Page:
I don’t know how the tv-newscoverage was in the US before 1965, but here in Holland it was far more ‘austere’ than now. There was a strict commitment to present the newsfacts as neutral as possible and this fitted in with the somewhat austere Protestant culture here. Now this has all gone.
    Boy, we are all relaxed pals now, aren’t we! We mix it all nicely together, make it smooth, ad some attractive womenfolk in ‘appropiate attire’
    and make sure that, even when they are outragiously partial, they smile nicely, in that typical smug, semiseductive way.
    When I saw the video of Cronkite announcing the death of Kennedy I remembered the way it used to be here.
    I used to welcome the more ‘relaxed’ ways
    after the sixties, but now my feelings are far more mixed, to call it mildly.
    Since a few years I expressly avoid watching tv-newscoverage because of the brainwashing effect of mixing facts and views. The ‘in your face character’ of tv-broadcasts make the avoiding of being brainwashed far more difficult than when reading news in writing.

  15. rickl Says:

    I was five years old when JFK was assassinated, so I don’t remember the live coverage that day. I was ten at the time of Tet and that didn’t make much of an impression on me either at the time.

    The thing I will always remember Cronkite for the most was his coverage of the space program in the mid-to-late 60s. I always cut school to stay home and watch the launches, and my mom would always write a note for me to take to class the next day. Some of my teachers understood that I was watching history in the making.

    At the beginning of the movie Apollo 13, the astronauts and their families are gathered to watch Neil Armstrong set foot on the moon. They turn on the TV and are trying to decide which channel to watch, and people in the room call out “Walter! Walter!” I think that captured it pretty well.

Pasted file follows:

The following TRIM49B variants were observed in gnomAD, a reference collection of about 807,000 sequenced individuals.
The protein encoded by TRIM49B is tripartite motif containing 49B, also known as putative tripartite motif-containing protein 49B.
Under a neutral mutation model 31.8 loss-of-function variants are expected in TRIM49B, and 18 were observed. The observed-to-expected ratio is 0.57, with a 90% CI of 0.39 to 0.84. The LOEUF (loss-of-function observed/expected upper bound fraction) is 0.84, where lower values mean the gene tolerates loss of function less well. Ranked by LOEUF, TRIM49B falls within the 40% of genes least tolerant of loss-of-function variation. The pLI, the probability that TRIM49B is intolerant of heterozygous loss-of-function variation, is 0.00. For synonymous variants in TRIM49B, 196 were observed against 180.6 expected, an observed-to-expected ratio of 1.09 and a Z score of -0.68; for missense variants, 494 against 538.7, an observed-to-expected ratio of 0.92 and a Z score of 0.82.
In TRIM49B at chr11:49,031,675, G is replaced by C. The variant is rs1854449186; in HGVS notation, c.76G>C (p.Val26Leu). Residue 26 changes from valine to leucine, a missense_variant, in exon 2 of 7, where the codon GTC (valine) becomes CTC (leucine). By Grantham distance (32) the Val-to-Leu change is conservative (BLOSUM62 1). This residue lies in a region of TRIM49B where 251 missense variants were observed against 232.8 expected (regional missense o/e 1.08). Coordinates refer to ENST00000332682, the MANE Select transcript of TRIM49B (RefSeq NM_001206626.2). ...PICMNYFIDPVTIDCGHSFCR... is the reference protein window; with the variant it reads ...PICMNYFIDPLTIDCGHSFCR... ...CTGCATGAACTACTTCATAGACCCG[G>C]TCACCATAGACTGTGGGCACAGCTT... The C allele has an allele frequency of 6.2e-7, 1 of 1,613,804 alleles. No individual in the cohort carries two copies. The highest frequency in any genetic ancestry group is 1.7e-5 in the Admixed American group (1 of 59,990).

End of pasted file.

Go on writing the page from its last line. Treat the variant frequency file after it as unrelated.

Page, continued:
It’s kind of fitting that he died during the observance of the 40th anniversary of the flight of Apollo 11.

  16. grackle Says:

    If you get a chance, see “Absence of Malice” with Paul Newman and Sally Field.

    One of my favorite movies. But the only way a movie with such a theme can be produced is if there is no hint of anti-Progressivism. The movie is about the thoughtless expose by a government official of someone whom Newman’s character held dear which led him to fake the collusion of a politician with organized crime, duping the newshounds and getting the government leaker fired. Wilford Brimley’s performance is priceless.

    Thoughtful viewers can extrapolate from the plot to MSM prejudice but the general public seems to be not so thoughtful. A movie openly addressing the Progressive bias of the MSM? Never happen in a million years.

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Previously a lifelong Democrat, born in New York and living in New England, surrounded by liberals on all sides, I've found myself slowly but surely leaving the fold and becoming that dread thing: a neocon.